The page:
Dismiss
Announcing Stack Overflow Documentation

We started with Q&A. Technical documentation is next, and we need your help.

Whether you're a beginner or an experienced developer, you can contribute.

Sign up and start helping → Learn more about Documentation →

I have 7000 data instances.

I have those instances manually scored by a human (The reference).

I have different Engines to determine the data's score automatically.

I have an excel sheet who's each column describes a certain engine's score and one column of the manually scored data.

I want to know which of the engines is the closer to the human's scoring using either Excel's functions , programming, or just give me the simple maths of it and I'll work it out.

Data scoring is from -3.0 to +3.0

I use C# for that application and .NET Excel COM libraries to access the excel sheet.

-UPDATE-

Statistically speaking, what's the best way to describe the error, I mean the human score tend to be close to neutral (0) , but the Engines' scores tends to be biased (above 1.5 +/-) I want to be able to determine the best equation to describe and exaggerate the error in a right way.

share|improve this question
    
What is the question? – Mranz Oct 27 '11 at 19:11
    
@Mranz "I want to know which of the engines is the closer to the human's scoring...." – SKandeel Oct 27 '11 at 19:33
    
@MerlynMorgan-Graham The usual, just taking the average of each engine's score, and ordered them by the closer to farther to/from the manual score. – SKandeel Oct 27 '11 at 19:39
1  
You might want to try this question on Cross Validated as it seems to me to be more about statistical analysis than programming – AakashM Oct 28 '11 at 14:14
up vote 4 down vote accepted

I would suggest using a mean squared error. For each data instance calculate the square of the difference for each engine. This will exaggerate the error, and give positive numbers. Then you take the average squared error for each engine. The lowest would be the "closest" estimator to the human.

share|improve this answer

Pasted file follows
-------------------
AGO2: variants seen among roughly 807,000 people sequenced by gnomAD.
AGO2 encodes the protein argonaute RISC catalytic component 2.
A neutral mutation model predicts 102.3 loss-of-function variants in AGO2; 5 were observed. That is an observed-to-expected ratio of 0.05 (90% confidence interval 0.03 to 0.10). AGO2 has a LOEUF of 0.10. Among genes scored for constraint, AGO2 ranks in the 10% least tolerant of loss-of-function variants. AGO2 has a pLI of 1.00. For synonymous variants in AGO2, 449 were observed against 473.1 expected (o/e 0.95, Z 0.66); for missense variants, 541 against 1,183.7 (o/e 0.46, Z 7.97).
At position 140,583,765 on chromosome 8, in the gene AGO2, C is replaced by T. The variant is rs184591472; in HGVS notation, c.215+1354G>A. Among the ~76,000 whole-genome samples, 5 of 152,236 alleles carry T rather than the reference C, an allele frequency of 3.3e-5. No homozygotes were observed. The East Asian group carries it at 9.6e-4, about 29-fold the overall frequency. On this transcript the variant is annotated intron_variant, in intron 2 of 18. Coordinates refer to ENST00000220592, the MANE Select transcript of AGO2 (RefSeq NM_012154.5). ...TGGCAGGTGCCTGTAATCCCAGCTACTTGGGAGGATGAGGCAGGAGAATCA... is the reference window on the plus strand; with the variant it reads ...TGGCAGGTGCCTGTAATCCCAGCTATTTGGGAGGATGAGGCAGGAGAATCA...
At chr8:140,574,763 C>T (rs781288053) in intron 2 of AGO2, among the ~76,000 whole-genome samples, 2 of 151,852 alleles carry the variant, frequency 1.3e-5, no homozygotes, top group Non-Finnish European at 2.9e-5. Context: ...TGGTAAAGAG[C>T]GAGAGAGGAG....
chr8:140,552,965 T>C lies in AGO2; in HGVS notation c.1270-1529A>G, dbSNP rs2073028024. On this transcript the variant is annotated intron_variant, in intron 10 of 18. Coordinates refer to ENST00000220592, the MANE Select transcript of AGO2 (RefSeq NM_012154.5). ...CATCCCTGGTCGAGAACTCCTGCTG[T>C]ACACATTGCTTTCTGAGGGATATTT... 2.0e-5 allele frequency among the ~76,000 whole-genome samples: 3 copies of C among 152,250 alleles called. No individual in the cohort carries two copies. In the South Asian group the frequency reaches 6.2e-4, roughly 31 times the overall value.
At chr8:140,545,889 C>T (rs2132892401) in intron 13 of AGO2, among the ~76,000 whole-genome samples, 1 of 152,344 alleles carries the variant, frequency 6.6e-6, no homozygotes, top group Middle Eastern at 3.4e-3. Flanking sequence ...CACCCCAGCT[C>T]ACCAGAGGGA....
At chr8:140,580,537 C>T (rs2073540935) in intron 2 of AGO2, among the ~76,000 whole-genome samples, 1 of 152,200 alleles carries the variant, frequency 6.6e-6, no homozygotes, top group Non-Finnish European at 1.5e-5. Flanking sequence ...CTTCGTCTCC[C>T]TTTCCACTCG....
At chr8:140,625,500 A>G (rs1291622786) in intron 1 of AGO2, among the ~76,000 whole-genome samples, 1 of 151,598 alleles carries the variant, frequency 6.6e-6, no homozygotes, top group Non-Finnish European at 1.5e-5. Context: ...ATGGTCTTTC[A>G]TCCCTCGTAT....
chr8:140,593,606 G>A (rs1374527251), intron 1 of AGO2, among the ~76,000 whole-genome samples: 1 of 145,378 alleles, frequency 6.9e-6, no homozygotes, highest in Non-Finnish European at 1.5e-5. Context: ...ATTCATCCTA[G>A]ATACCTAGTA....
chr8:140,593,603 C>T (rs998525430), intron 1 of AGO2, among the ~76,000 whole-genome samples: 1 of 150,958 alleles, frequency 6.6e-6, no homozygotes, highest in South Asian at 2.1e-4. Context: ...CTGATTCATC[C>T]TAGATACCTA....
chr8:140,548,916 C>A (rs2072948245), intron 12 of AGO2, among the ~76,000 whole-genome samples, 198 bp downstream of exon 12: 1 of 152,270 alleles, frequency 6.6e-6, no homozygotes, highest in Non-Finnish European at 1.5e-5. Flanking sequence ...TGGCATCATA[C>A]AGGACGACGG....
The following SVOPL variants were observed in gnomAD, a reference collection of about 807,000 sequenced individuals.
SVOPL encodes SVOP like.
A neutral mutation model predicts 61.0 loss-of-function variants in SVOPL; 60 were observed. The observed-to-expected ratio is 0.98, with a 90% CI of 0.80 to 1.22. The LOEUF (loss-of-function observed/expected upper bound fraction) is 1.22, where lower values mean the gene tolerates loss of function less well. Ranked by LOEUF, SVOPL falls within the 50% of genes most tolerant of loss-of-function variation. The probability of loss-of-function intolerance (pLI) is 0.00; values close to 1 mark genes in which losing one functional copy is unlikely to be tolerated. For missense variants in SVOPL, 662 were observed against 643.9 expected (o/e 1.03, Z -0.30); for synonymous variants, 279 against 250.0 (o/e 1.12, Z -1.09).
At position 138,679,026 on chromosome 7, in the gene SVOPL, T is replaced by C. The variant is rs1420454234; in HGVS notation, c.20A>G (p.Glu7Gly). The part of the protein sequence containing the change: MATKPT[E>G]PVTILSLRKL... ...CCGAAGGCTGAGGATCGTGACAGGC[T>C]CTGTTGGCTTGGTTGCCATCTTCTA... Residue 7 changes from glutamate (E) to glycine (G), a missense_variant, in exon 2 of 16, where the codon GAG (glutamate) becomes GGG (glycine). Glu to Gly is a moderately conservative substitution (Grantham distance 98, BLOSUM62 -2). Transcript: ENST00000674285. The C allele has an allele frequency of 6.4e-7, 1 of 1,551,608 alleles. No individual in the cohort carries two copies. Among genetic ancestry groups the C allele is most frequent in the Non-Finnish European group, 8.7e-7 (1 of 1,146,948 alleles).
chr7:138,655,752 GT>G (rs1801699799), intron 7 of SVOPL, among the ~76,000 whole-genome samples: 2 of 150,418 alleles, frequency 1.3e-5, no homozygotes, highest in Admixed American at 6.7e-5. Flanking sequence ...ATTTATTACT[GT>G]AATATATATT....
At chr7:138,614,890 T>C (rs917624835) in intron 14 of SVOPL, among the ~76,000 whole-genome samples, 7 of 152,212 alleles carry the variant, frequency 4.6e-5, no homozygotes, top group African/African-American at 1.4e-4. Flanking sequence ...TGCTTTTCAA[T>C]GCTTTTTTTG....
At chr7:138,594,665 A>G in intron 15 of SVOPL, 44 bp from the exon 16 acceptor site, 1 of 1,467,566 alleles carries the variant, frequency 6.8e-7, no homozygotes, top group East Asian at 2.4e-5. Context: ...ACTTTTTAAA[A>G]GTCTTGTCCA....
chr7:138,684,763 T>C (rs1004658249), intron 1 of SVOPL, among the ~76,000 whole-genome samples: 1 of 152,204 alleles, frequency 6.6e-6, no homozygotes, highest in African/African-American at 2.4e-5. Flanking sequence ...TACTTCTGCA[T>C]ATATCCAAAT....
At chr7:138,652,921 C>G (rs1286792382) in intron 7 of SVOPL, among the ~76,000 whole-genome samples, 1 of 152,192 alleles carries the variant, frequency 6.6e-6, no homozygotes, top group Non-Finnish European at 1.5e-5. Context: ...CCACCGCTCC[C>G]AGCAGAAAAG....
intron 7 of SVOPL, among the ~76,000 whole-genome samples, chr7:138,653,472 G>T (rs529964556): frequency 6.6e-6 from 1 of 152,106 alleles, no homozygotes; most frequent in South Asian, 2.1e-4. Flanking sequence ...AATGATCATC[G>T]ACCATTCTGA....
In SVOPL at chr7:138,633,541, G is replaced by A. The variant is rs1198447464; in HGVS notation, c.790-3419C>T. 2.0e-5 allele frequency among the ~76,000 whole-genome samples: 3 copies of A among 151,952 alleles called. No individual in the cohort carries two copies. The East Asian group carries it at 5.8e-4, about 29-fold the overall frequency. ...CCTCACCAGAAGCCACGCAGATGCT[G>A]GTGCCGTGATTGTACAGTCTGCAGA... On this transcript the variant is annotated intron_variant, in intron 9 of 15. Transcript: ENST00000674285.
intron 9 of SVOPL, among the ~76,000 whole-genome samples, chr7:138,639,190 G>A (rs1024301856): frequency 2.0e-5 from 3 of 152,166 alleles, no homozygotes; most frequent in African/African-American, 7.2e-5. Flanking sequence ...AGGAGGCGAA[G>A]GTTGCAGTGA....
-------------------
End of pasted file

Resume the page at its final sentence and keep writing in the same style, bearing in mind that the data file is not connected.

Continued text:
average squared error you mean (sum of all +7000 squared error/+7000) ?? – SKandeel Oct 27 '11 at 19:35
    
yes that's what it would ammount to. – Captain Coder Oct 27 '11 at 19:42

Typically done by subtracting the engine score from the human score, taking the absolute value, then summing all 7000. The engine with the smallest sum is the closest.

share|improve this answer
    
That's one way to do it, although not necessarily the best. For example, Engine 1 might have differences that are scattered all over, but its overall average is slightly better than Engine 2 whose differences are always within a few percent of the human's score. Which of the two is better? – Jim Mischel Oct 27 '11 at 19:23

The Euclidean distance between the data sets should be good enough if every data point is in the same range. For clarity, data instances will be numbered, and engines will be lettered. If the score given by the human on data point i is H_i, and the score given by engine a is Ea_i, then the error (how "not close" a given engine is) for engine a is:

ERROR(a) = (H_1 - Ea_1)^2 + (H_2 - Ea_2)^2 + … + (H_7000 - Ea_7000)^2

The closest engine is the engine for which the error is smallest.

share|improve this answer

Your Answer

 
discard

By posting your answer, you agree to the privacy policy and terms of service.

Not the answer you're looking for? Browse other questions tagged or ask your own question.